|Inside the Hong Kong Convention & Exhibition Centre where the finished fine jewelry portion of the fair was being held. Photo credit: UBM Asia|
Since the global financial crisis of 2008, economic instability, geopolitical tensions and outright war has factored into the September Hong Kong Jewellery & Gem Fair. But world’s largest trade fair proved to be resilient and kept growing.
This year, the fair (which ran from 16 - 22 September) may have faced its biggest challenge with a slowdown in the China market. For the show that bills itself as the “gateway to China,” this could have easily meant fewer visitors. However, the fair is on pace to achieve another year of record (although modest) growth, perhaps eclipsing 60,000 visitors. It should be noted that this is in comparison to a very strong 2014, when attendance grew by 12 percent.
Wolfram Diener, Senior VP of UBM Asia, which owns and operates the trade fair, acknowledged that not only China, but all the other BRIC countries (Brazil, Russia, India and China) are struggling this year. However, he also notes that jewelry sales grew 5.2 per cent for the first half of 2015 and the country's Gross Domestic Product grew by 7 per cent for the same period.
“I just came back from Shanghai furniture show and it had a 15 to 20 percent increase in buyers,” he says. “It’s not the market has perished but it’s a mixed picture.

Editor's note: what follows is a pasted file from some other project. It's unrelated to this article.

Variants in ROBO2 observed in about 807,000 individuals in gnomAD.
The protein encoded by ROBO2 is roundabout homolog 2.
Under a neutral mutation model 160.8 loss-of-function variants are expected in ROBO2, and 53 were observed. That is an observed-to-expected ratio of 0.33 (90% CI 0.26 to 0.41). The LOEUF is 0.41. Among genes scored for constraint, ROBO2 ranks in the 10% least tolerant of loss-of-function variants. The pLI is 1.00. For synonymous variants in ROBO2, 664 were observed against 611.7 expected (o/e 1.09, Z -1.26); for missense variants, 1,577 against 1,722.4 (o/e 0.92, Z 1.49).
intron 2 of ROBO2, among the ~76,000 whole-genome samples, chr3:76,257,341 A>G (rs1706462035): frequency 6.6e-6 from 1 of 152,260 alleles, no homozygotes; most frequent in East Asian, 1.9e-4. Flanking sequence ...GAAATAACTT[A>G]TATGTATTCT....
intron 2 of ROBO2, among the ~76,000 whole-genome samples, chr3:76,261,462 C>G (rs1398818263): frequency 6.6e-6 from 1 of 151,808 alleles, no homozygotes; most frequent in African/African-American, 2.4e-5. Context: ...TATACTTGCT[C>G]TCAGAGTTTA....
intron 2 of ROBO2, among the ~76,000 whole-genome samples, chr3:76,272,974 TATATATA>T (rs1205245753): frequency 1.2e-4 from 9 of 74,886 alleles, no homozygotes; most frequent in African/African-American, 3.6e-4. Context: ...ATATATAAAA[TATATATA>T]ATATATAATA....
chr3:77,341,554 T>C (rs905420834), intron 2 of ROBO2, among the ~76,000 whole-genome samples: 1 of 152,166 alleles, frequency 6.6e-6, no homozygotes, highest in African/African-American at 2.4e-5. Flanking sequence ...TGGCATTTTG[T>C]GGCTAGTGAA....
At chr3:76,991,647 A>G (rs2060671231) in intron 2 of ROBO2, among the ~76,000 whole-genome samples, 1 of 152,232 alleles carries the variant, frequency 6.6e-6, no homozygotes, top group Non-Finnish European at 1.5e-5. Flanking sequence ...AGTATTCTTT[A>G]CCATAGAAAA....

In terms of sales it’s a little early but Diener says that business was better than the modest expectations going into the show.
“Most notable is that many exhibitors saw a more diverse buyer activity,” Diener says. “There were more orders from Japan, Korea, Philippines, US, whilst Chinese visitors appeared to buy more than earlier in the year.”
The number of vendors exhibiting this year totaled 3,748—53 more than last year—at the show’s two venues: The Asia World-Expo where jewelry making materials and equipment vendors are located; and the Hong Kong Convention & Exhibition Centre, for fine jewelry exhibitors. The small increase is because both convention facilities are full. Any growth is due to the creative use of the 135,000 square meters of exhibition space.
“It’s a small increase but it reminds you that the show is worldwide and it reflects our constraints,” Diener says. “If we have more convention center facilities we could grow much more.”
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